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Pompeiis of the Pacific

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Nicholson Museum

Manning Road

Camperdown, NSW 2006

Australia

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A Macleay lecture in the Nicholson Museum by Dr Robin Torrence.

What lessons can we learn from ancient people in PNG about how to cope with natural disasters and extreme environmental events?

Inter-disciplinary research on New Britain Island off Papua New Guinea’s northern coast has identified at least 14 major volcanic eruptions since the island was colonised about 40,000 years ago. On each occasion thick deposits of ash buried villages and gardens forcing people to flee their homelands. Robin will talk about her long-term archaeological research project that has identified changes in subsistence and technology linked to volcanic activity, but has also uncovered evidence for incredible resilience as human groups coped with and adapted to this highly catastrophic environment.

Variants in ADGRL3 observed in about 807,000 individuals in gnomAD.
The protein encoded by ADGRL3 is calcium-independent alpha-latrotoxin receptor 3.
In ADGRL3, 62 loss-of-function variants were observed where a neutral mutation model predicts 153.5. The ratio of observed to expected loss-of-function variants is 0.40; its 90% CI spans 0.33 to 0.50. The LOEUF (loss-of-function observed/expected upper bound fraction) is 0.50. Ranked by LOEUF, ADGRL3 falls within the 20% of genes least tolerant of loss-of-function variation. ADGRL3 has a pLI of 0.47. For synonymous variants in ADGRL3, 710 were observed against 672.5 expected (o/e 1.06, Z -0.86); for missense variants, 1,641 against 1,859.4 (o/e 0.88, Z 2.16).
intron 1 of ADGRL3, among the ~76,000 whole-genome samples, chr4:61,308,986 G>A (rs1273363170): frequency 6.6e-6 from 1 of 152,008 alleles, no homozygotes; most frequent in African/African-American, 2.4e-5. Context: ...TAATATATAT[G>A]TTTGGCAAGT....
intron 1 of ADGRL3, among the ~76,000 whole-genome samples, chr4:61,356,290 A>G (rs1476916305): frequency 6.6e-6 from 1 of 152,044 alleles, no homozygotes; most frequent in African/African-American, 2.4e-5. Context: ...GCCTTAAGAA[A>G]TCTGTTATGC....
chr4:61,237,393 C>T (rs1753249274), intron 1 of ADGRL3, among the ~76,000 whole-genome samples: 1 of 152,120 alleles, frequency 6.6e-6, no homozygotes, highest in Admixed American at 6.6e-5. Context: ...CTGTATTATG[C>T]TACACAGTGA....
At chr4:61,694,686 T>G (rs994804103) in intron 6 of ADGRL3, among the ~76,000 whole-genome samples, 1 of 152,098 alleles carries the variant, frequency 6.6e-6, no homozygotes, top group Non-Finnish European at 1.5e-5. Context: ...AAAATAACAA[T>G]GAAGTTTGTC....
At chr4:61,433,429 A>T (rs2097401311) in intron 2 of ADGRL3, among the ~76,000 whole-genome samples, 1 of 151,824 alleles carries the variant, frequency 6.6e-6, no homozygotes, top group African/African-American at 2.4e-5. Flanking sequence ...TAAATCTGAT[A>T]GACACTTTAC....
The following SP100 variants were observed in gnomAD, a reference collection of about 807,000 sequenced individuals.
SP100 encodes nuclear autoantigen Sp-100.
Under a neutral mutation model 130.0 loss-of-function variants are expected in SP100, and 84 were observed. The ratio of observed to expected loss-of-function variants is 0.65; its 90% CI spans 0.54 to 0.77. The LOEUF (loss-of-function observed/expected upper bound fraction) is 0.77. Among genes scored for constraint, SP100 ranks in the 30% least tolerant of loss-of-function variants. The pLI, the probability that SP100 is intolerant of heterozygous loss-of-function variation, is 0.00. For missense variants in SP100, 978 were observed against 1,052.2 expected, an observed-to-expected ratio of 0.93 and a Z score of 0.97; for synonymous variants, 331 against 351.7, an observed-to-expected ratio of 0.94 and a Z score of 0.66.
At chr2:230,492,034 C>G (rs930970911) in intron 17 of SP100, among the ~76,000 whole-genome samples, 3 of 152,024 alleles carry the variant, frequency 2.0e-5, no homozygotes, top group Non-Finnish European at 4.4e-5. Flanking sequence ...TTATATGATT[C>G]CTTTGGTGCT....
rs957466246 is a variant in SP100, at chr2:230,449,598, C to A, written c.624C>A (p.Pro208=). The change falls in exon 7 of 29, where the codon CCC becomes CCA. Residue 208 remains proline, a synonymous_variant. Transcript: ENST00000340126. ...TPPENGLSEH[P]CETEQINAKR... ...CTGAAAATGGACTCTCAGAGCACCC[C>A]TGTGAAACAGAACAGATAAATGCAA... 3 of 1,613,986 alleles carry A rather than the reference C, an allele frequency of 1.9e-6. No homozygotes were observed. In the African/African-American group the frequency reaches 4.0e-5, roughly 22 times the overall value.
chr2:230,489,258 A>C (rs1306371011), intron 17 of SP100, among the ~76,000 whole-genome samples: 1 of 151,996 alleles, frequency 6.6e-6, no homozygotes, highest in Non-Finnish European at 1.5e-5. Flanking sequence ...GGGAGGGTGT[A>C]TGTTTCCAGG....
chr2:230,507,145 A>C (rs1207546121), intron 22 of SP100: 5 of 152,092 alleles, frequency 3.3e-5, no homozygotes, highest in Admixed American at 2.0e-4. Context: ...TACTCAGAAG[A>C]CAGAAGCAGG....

Robin Torrence is Senior Principal Research Scientist at the Australian Museum. Her major research area is New Britain’s Willaumez Peninsula, where her team is focusing on exchange, social change, lithic technology and use-wear, landscape use, and the long-term impact of volcanic disasters on culture change. She has also conducted archaeological research on obsidian exchange in Greece, the Pacific region, and east Russia. Robin has adapted archaeological approaches to the study of ethnographic collections from PNG to identify indigenous perspectives and behaviour within cross-cultural interactions.

Date and Time

Location

Nicholson Museum

Manning Road

Camperdown, NSW 2006

Australia

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